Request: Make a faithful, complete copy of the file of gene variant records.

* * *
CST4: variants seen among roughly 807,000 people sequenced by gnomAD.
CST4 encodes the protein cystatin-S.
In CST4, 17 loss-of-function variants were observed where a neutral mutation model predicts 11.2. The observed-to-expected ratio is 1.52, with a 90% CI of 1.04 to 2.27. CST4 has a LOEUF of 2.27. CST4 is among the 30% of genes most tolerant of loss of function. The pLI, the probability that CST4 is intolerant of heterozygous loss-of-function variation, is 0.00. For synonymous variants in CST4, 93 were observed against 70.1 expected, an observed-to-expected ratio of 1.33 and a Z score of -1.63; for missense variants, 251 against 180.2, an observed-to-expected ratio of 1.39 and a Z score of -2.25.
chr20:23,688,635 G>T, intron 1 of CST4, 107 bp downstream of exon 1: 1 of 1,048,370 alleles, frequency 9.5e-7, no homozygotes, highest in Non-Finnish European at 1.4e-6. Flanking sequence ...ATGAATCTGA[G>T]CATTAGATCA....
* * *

CST4: variants seen among roughly 807,000 people sequenced by gnomAD.
CST4 encodes the protein cystatin-S.
In CST4, 17 loss-of-function variants were observed where a neutral mutation model predicts 11.2. The observed-to-expected ratio is 1.52, with a 90% CI of 1.04 to 2.27. CST4 has a LOEUF of 2.27. CST4 is among the 30% of genes most tolerant of loss of function. The pLI, the probability that CST4 is intolerant of heterozygous loss-of-function variation, is 0.00. For synonymous variants in CST4, 93 were observed against 70.1 expected, an observed-to-expected ratio of 1.33 and a Z score of -1.63; for missense variants, 251 against 180.2, an observed-to-expected ratio of 1.39 and a Z score of -2.25.
chr20:23,688,635 G>T, intron 1 of CST4, 107 bp downstream of exon 1: 1 of 1,048,370 alleles, frequency 9.5e-7, no homozygotes, highest in Non-Finnish European at 1.4e-6. Flanking sequence ...ATGAATCTGA[G>T]CATTAGATCA....